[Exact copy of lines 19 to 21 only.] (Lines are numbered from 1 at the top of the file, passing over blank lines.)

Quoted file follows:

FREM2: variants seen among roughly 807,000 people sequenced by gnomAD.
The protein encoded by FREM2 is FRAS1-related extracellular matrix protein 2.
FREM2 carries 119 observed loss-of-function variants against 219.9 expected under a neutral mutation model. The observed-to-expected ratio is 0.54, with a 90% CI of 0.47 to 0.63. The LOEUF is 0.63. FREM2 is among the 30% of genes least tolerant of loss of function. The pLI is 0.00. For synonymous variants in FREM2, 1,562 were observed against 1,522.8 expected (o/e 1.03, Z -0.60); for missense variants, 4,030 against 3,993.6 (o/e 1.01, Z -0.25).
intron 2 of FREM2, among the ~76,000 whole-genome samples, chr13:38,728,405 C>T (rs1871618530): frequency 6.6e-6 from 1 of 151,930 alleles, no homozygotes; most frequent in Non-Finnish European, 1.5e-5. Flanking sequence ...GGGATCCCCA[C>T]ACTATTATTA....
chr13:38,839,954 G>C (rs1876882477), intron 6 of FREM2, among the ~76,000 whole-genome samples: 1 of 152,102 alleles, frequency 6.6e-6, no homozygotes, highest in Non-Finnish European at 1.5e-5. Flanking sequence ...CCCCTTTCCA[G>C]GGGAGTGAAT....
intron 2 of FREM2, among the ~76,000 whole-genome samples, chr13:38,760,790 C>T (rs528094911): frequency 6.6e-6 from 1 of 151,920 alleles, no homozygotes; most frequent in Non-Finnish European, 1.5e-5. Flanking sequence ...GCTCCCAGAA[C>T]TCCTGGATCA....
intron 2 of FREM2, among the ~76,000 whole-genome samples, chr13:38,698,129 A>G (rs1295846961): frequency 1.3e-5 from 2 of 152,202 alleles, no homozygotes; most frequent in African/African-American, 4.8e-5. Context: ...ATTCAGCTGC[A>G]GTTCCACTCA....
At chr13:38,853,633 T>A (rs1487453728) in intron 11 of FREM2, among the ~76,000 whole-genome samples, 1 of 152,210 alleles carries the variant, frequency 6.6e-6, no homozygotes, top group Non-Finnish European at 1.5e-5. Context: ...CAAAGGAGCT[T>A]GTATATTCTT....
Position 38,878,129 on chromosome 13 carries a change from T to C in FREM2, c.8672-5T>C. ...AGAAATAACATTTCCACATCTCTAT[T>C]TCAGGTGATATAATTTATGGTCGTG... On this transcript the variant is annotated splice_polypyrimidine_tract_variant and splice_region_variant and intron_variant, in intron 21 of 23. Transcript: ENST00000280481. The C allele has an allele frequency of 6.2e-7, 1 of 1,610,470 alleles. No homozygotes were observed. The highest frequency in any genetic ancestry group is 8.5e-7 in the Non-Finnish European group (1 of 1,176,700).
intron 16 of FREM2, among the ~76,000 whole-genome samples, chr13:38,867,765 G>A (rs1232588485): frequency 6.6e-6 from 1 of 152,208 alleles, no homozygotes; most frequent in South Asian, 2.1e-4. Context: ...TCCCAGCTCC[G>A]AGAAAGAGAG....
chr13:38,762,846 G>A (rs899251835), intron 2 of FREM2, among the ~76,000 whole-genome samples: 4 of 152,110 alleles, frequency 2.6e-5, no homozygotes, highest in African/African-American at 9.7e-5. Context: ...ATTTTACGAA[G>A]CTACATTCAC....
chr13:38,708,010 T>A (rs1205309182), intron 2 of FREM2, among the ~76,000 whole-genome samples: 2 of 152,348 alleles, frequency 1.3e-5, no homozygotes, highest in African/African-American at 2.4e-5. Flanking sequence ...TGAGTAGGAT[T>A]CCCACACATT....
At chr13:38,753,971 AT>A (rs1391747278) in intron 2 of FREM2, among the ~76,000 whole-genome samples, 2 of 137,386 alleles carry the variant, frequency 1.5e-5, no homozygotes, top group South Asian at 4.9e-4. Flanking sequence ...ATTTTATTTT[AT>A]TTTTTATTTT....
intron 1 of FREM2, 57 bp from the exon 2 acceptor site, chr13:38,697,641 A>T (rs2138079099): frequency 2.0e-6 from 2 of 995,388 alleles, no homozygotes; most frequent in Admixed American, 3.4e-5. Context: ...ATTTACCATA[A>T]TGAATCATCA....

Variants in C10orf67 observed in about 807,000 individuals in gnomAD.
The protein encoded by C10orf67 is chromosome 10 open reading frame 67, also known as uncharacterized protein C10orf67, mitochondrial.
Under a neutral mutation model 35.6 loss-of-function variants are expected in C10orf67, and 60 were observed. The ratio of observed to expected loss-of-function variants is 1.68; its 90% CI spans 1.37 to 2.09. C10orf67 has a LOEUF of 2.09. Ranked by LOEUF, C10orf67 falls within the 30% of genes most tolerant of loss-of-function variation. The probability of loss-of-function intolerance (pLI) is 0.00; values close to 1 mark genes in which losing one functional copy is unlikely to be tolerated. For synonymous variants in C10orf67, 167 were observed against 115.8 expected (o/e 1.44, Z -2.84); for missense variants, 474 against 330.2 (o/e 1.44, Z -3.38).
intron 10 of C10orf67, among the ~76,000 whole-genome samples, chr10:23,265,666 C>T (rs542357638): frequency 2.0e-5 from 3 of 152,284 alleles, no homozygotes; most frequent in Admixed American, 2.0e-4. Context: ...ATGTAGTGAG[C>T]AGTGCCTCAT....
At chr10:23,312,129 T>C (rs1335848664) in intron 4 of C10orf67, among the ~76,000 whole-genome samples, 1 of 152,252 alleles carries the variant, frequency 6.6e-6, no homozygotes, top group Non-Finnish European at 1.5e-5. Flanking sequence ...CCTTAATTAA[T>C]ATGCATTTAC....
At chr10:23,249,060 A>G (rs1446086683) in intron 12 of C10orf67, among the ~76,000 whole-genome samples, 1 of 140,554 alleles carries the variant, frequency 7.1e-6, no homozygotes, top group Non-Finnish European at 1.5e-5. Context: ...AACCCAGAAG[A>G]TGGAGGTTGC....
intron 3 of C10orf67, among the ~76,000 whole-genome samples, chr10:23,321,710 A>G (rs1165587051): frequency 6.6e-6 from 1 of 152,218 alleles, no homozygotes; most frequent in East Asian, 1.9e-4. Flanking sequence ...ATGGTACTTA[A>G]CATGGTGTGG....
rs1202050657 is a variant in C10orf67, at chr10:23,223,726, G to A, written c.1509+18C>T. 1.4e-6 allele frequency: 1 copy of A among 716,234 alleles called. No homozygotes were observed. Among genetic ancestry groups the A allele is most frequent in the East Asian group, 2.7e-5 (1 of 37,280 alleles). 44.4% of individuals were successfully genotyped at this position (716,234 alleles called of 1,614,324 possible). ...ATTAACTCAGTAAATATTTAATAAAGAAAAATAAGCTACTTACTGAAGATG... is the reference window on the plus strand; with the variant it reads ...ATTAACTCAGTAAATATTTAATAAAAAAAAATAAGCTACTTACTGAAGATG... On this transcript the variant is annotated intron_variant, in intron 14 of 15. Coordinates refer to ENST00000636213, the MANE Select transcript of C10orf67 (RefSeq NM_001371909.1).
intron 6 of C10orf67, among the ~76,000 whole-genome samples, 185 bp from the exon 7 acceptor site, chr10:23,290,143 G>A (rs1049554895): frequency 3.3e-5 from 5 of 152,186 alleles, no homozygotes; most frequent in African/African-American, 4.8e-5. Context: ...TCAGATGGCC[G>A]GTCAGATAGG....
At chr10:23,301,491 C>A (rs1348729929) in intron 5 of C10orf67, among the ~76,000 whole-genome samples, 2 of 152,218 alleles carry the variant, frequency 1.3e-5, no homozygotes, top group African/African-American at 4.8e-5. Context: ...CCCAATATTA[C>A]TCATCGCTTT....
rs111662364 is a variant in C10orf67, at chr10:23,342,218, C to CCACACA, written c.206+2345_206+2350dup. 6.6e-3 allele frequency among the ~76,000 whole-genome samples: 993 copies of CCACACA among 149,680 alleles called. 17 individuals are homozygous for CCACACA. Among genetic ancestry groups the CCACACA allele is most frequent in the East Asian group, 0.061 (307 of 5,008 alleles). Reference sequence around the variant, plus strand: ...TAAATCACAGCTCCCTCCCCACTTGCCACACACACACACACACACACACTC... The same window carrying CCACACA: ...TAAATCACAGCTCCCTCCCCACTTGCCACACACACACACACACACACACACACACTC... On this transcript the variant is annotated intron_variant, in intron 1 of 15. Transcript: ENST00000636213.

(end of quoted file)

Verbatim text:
At chr10:23,312,129 T>C (rs1335848664) in intron 4 of C10orf67, among the ~76,000 whole-genome samples, 1 of 152,252 alleles carries the variant, frequency 6.6e-6, no homozygotes, top group Non-Finnish European at 1.5e-5. Flanking sequence ...CCTTAATTAA[T>C]ATGCATTTAC....
At chr10:23,249,060 A>G (rs1446086683) in intron 12 of C10orf67, among the ~76,000 whole-genome samples, 1 of 140,554 alleles carries the variant, frequency 7.1e-6, no homozygotes, top group Non-Finnish European at 1.5e-5. Context: ...AACCCAGAAG[A>G]TGGAGGTTGC....
intron 3 of C10orf67, among the ~76,000 whole-genome samples, chr10:23,321,710 A>G (rs1165587051): frequency 6.6e-6 from 1 of 152,218 alleles, no homozygotes; most frequent in East Asian, 1.9e-4. Flanking sequence ...ATGGTACTTA[A>G]CATGGTGTGG....